France Télévisions once again chooses the French Open to test the innovations of the television of the future. During this fall edition, France Televisions, in partnership with the French Tennis Federation, shares its vision of tomorrow’s uses materialized by spectacular and unprecedented experiments around “Augmented Tennis” within the RGLAB on the site of the international tournament from September 27 to October 11, 2020.
For this 2020 edition, France Télévisions has imagined and designed, together with exceptional technological partners from France and abroad, an ambitious program based on emerging technologies and functionalities or those developed specifically for the occasion. The aim of these full-scale tests is to imagine the TV of the future and the digital uses of tomorrow, for the benefit of an increasingly demanding and technophile viewer. The Roland Garros’ very high-level technical infrastructure, the profusion of high-quality images and formats and the incomparable know-how of France Télévisions’ technical and production teams provide a playing field conducive to innovation and the development of new functionalities, some of which could be integrated into our future digital products and services.
Throughout the tournament, France Télévisions will offer to explore the following themes using live images from the Philippe-Chatrier court:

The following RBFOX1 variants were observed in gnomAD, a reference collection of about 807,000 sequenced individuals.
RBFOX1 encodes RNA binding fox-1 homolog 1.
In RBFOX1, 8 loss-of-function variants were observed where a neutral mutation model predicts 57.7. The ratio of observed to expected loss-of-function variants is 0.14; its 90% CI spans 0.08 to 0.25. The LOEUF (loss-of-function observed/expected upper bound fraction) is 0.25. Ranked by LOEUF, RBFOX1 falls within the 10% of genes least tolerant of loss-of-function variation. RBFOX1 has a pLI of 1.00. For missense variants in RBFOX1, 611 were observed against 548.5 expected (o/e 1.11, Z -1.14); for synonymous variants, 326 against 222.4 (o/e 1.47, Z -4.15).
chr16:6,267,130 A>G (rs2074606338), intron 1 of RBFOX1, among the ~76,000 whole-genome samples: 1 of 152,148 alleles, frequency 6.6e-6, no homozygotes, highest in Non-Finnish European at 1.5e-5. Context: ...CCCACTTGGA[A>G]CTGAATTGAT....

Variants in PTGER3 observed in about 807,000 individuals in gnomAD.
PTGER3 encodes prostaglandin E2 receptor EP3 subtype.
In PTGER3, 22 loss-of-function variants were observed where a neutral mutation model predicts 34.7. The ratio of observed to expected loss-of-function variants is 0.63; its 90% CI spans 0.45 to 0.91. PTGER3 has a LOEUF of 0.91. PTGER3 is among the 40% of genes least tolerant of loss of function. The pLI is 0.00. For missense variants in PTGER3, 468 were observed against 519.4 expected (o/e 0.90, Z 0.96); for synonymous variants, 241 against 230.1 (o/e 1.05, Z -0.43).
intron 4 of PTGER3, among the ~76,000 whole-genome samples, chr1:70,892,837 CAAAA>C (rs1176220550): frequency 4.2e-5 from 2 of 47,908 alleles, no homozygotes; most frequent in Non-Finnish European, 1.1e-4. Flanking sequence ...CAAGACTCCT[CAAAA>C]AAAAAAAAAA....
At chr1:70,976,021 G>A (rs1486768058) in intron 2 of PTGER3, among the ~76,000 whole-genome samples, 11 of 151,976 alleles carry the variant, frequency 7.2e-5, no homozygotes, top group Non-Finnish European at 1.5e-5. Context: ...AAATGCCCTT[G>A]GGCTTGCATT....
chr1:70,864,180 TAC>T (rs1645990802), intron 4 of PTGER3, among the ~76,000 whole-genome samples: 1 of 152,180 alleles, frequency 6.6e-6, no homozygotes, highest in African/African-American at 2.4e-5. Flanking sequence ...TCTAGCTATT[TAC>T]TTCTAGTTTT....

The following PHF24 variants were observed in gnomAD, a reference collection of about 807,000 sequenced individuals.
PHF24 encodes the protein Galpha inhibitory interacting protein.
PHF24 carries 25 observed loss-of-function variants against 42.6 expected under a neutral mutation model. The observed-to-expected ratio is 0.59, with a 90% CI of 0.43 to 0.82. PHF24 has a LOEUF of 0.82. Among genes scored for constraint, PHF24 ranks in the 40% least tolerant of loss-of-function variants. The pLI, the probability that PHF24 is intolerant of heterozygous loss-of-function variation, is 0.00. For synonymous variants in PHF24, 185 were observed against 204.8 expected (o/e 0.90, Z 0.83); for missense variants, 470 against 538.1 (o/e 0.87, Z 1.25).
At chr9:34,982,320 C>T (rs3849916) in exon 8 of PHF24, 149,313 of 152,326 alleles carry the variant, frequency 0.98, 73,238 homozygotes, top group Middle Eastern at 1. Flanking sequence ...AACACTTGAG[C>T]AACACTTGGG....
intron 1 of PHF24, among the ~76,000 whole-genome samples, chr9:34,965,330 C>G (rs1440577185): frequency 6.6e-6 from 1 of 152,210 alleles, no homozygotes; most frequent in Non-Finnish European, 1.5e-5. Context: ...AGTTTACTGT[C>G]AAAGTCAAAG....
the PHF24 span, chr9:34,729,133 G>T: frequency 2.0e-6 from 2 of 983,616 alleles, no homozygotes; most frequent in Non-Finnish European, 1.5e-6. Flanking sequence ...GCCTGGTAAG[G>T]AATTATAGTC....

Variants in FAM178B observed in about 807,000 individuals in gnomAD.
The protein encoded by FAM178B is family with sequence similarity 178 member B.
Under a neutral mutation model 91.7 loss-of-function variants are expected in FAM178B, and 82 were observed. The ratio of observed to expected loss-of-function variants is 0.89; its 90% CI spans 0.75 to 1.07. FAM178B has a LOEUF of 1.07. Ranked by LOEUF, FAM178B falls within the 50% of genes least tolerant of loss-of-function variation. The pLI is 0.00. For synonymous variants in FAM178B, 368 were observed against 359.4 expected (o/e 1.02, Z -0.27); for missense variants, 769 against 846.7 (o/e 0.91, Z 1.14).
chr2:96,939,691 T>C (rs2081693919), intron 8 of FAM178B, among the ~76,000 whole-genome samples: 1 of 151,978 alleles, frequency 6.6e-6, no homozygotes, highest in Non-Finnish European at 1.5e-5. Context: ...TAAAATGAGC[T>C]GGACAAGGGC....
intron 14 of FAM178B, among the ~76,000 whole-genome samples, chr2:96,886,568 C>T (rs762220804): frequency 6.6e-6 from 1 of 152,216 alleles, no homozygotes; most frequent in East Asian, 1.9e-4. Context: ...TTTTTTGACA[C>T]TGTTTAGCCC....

– Increasing interactivity: Making the user the actor of his viewing experience
– Augmenting reality: Enriching the user’s vision with augmented reality
– Increase Quality: Review past images in UHD with artificial intelligence
– Increasing Speed: Testing 5G Video Transmission and Delivery
Smart TV, web, smartphone… France Télévisions is always looking for new ways to innovate and to invent tomorrow’s services. To that end, for several years France Télévisions has been interested in Augmented Reality (AR) which fast growing market will undoubtedly change the way people consume television. With the announced arrival of the first truly mainstream AR glasses, we strongly believe in the potential of this technology as a medium for mass information, education, and entertainment among spectators. Therefore, France Télévisions is offering this year an unprecedented viewing experience of a Roland-Garros match on an augmented reality headset, foreshadowing what the future of sports broadcast will look like.
This set up allows real-time information to be viewed from the Philippe Chatrier court. The augmented reality headset Hololens 2 displays the live match in a player and 3D visualizations enhance the experience by displaying data. These data, refreshed in real time, give the casual viewer a better understanding of the action on the court, while seasoned fans can customize the information displayed to further their analysis of the match. Live match data is provided by Hawk-Eye, players information by SMT and the live video feed from Philippe Chatrier court is encoded and delivered by EasyTools and Harmonic. Everything is integrated in real time into the headset thanks to the application created for France Télévisions by Immersiv.io. This application was developed on Unity, a real-time 3D engine originally dedicated to video games but very popular for creating mixed reality applications.